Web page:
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Please reach out to me with any questions or concerns you have regarding things that are not included in this section yet!


An aggressive altercation is defined as when a dog engages in the below listed aggressive behaviors, WHILE ALSO displaying the aggressive body language described below.

Aggressive body language often includes, but is not limited to:

    - standing rigidly with tense muscles

          as if "on guard."

    - raising the hair on its neck and back

    - maintaining an erect and upward 

          pointing tail that is NOT wagging

    - elongating its neck toward the sky to 

          make itself look taller

    - broadening its shoulders.

These are the brief warning signs of a potential oncoming attack. This body language alone is NOT grounds for dismissal from The Manda Pack, LLC. The body language MUST be accompanied by the aggressive behaviors described below in order to warrant removal from the group. 

Occasionally, a dog may display aggressive body language when it is nervous about a new dog or person arriving at the dog park. In this case, if the body language is temporary, and does not accompany aggressive behavior, the dog does not need to be removed from the group – this type of situation is typical for a dog who is tentative, cautious, or nervous, and they are not being aggressive.

Aggressive behaviors often include but are not limited to:

    - When a dog lunges at another dog or 


    - bears its teeth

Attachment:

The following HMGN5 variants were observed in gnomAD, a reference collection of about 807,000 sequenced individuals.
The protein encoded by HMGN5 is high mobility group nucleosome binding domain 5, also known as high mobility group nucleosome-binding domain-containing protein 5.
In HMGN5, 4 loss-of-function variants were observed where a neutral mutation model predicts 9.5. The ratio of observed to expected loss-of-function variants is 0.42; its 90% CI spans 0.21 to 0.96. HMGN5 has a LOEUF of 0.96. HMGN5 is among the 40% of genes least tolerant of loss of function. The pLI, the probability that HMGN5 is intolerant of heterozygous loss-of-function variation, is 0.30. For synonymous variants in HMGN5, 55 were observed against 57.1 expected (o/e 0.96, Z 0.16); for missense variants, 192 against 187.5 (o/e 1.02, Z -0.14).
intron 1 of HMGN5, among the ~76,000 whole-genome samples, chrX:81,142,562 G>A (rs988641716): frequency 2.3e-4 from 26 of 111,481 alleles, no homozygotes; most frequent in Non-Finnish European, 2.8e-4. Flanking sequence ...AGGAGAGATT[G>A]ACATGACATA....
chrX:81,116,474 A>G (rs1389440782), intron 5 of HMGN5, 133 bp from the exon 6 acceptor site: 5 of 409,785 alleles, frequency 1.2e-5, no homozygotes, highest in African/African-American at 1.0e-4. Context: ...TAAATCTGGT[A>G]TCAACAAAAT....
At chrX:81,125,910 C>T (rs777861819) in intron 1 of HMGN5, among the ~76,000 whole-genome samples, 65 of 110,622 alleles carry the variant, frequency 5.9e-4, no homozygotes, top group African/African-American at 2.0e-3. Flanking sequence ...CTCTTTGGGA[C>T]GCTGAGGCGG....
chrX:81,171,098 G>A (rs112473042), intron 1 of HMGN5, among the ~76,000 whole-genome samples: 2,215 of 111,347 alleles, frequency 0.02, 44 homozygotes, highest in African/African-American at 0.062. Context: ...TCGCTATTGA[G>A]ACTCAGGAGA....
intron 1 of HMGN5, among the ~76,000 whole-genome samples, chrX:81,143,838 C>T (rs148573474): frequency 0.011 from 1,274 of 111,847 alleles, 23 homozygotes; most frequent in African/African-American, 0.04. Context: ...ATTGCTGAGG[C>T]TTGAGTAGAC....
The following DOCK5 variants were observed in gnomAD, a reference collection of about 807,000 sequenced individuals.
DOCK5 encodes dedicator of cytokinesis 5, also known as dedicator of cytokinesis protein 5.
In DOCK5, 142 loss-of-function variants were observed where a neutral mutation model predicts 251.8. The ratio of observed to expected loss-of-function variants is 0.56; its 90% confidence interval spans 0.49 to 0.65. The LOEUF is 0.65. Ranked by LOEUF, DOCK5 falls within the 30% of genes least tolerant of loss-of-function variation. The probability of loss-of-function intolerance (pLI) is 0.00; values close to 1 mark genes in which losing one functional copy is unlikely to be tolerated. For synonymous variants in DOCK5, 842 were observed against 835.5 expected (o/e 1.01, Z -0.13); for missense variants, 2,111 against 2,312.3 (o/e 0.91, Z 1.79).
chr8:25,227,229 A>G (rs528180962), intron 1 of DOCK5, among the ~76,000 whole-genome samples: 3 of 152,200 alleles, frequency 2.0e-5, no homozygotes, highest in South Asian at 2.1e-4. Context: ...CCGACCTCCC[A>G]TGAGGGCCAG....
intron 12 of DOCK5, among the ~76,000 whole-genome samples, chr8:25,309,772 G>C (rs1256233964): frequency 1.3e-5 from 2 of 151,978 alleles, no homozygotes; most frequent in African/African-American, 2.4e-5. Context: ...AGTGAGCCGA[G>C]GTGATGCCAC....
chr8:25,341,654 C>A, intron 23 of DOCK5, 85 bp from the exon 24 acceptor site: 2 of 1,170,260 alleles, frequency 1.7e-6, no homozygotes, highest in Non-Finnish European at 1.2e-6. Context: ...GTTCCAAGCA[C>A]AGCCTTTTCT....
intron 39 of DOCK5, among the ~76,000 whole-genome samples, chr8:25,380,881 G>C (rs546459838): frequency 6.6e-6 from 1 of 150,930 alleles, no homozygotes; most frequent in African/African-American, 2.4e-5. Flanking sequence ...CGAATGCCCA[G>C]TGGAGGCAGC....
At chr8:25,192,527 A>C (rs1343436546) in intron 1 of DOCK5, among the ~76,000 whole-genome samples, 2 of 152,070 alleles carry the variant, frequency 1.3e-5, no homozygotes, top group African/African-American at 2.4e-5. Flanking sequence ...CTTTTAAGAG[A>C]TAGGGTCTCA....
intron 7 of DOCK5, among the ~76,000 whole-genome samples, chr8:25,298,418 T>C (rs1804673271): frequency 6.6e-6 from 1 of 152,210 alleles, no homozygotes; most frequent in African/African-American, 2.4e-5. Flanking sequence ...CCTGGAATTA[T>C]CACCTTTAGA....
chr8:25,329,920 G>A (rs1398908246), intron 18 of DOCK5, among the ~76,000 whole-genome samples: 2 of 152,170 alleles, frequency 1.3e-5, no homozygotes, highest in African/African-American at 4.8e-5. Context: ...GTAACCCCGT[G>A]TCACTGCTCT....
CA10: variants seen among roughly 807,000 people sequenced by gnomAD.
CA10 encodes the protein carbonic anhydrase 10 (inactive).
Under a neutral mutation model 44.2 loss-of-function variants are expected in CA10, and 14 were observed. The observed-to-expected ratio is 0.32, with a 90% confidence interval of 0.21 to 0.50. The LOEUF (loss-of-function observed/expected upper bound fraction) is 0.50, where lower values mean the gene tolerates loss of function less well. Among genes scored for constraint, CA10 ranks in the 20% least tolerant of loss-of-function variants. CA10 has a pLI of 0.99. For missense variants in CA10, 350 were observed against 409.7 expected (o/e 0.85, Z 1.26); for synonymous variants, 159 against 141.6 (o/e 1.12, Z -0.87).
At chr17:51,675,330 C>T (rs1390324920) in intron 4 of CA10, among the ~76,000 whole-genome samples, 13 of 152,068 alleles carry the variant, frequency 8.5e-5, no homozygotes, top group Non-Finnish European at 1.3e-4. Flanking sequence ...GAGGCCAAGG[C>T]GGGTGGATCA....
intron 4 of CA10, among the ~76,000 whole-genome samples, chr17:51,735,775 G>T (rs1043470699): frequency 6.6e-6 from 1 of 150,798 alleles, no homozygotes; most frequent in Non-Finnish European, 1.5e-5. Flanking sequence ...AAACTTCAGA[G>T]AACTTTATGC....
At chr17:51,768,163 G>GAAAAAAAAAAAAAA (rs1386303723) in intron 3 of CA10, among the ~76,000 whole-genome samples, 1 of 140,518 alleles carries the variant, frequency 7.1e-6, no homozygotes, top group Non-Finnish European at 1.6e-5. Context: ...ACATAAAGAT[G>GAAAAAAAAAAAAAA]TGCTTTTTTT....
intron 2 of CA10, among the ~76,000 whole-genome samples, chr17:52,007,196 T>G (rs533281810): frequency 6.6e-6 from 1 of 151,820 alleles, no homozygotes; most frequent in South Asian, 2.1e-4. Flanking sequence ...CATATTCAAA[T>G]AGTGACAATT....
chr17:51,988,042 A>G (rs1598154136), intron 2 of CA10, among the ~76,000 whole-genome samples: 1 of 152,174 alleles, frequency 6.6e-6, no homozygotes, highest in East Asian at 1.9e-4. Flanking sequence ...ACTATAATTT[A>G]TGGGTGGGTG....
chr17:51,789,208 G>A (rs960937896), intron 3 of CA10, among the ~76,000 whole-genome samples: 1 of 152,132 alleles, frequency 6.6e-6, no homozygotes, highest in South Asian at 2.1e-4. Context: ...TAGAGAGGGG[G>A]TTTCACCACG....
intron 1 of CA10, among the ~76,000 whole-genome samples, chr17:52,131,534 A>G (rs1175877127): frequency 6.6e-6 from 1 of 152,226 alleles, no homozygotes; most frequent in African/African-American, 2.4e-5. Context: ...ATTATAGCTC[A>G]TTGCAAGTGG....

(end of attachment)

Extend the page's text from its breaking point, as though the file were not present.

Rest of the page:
- growls

    - barks loudly and rapidly in a way that is 

         more intense than typical barking

    - claws or scratches at another dog or 


    - mouths/bites/nips another dog or 


    - A dog’s lack of response to human 

        intervention, such as verbal commands, 

        blocking with objects or body parts, 

        physically restraining, pulling, or 

        gently pushing the dog.

While engaging in these behaviors, your dog must ALSO be displaying the body language that signals aggression (which looks different from body language during rough play, as described below).

Playful Body Language, which is required of BOTH dogs:

    - bodies are relaxed (not rigid or 


    - tails are wagging

    - hair on the neck is NOT raised

Playful Behavior includes: 

    - the dogs take turns being on top, or 

         laying belly up

    - the dogs take turns chasing, and being 


    - the dogs take turns playing tug-o-war.

    - circling or hiding behind large obstacles

    - performing a "play bow," where a dog 

         thrusts its front legs forward onto 

         the ground, while keeping their 

         backside in the air - this signals the 

         desire to play. Their tail can either 

         be wagging or erect in this situation

    - staring at each other waiting for the 

         other to perform a play bow to 

         initiate play

    - fluctuating between these 

         aforementioned play behaviors. 

Rough play: If the dogs are displaying body language that is consistent with play as mentioned above, they MAY display these behaviors and it is NOT considered aggression.

    - wrestling

    - bearing teeth

    - growling

    - barking

    - groaning

    - mouthing each other

    - nipping each other

    - scratching.

If a dog is engaged in rough play, they can be stopped more easily with human commands, blocking, pulling, etc.

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